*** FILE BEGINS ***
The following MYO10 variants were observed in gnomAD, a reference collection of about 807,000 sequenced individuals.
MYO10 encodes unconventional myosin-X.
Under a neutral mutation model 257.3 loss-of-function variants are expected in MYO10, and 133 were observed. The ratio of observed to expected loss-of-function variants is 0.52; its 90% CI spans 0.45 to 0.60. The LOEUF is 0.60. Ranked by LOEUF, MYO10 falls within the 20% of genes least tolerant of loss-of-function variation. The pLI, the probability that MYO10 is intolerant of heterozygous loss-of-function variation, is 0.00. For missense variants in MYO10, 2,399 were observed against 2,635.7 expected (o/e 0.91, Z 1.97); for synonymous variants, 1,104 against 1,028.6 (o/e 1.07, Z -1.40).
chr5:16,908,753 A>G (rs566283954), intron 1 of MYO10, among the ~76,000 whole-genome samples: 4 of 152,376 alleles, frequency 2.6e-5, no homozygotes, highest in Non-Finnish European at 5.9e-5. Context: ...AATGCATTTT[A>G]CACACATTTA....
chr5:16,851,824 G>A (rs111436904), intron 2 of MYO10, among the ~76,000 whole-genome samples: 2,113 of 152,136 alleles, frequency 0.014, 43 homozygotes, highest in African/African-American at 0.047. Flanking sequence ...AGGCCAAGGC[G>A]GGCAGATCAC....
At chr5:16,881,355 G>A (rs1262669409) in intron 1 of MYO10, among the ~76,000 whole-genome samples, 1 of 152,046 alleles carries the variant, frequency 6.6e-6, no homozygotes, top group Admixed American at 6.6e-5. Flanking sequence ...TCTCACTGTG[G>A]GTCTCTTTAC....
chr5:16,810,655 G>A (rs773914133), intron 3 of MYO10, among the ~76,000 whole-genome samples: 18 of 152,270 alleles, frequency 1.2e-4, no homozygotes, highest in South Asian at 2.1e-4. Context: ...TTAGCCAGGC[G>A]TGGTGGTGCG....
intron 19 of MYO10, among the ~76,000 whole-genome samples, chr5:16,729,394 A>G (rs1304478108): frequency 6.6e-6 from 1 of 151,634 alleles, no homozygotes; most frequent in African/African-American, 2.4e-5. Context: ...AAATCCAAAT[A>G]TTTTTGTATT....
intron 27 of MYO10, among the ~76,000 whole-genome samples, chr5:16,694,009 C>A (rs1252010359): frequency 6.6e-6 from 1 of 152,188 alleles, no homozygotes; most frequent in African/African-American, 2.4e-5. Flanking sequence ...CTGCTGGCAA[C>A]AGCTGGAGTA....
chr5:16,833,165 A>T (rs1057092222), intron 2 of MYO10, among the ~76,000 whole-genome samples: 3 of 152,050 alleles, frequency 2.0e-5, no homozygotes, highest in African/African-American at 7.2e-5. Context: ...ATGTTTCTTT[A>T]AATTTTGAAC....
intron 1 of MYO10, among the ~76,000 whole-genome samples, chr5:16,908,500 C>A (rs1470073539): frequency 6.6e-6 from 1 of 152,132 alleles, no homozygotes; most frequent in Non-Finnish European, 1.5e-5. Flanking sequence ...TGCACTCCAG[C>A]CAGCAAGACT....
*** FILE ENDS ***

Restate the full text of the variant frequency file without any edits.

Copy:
The following MYO10 variants were observed in gnomAD, a reference collection of about 807,000 sequenced individuals.
MYO10 encodes unconventional myosin-X.
Under a neutral mutation model 257.3 loss-of-function variants are expected in MYO10, and 133 were observed. The ratio of observed to expected loss-of-function variants is 0.52; its 90% CI spans 0.45 to 0.60. The LOEUF is 0.60. Ranked by LOEUF, MYO10 falls within the 20% of genes least tolerant of loss-of-function variation. The pLI, the probability that MYO10 is intolerant of heterozygous loss-of-function variation, is 0.00. For missense variants in MYO10, 2,399 were observed against 2,635.7 expected (o/e 0.91, Z 1.97); for synonymous variants, 1,104 against 1,028.6 (o/e 1.07, Z -1.40).
chr5:16,908,753 A>G (rs566283954), intron 1 of MYO10, among the ~76,000 whole-genome samples: 4 of 152,376 alleles, frequency 2.6e-5, no homozygotes, highest in Non-Finnish European at 5.9e-5. Context: ...AATGCATTTT[A>G]CACACATTTA....
chr5:16,851,824 G>A (rs111436904), intron 2 of MYO10, among the ~76,000 whole-genome samples: 2,113 of 152,136 alleles, frequency 0.014, 43 homozygotes, highest in African/African-American at 0.047. Flanking sequence ...AGGCCAAGGC[G>A]GGCAGATCAC....
At chr5:16,881,355 G>A (rs1262669409) in intron 1 of MYO10, among the ~76,000 whole-genome samples, 1 of 152,046 alleles carries the variant, frequency 6.6e-6, no homozygotes, top group Admixed American at 6.6e-5. Flanking sequence ...TCTCACTGTG[G>A]GTCTCTTTAC....
chr5:16,810,655 G>A (rs773914133), intron 3 of MYO10, among the ~76,000 whole-genome samples: 18 of 152,270 alleles, frequency 1.2e-4, no homozygotes, highest in South Asian at 2.1e-4. Context: ...TTAGCCAGGC[G>A]TGGTGGTGCG....
intron 19 of MYO10, among the ~76,000 whole-genome samples, chr5:16,729,394 A>G (rs1304478108): frequency 6.6e-6 from 1 of 151,634 alleles, no homozygotes; most frequent in African/African-American, 2.4e-5. Context: ...AAATCCAAAT[A>G]TTTTTGTATT....
intron 27 of MYO10, among the ~76,000 whole-genome samples, chr5:16,694,009 C>A (rs1252010359): frequency 6.6e-6 from 1 of 152,188 alleles, no homozygotes; most frequent in African/African-American, 2.4e-5. Flanking sequence ...CTGCTGGCAA[C>A]AGCTGGAGTA....
chr5:16,833,165 A>T (rs1057092222), intron 2 of MYO10, among the ~76,000 whole-genome samples: 3 of 152,050 alleles, frequency 2.0e-5, no homozygotes, highest in African/African-American at 7.2e-5. Context: ...ATGTTTCTTT[A>T]AATTTTGAAC....
intron 1 of MYO10, among the ~76,000 whole-genome samples, chr5:16,908,500 C>A (rs1470073539): frequency 6.6e-6 from 1 of 152,132 alleles, no homozygotes; most frequent in Non-Finnish European, 1.5e-5. Flanking sequence ...TGCACTCCAG[C>A]CAGCAAGACT....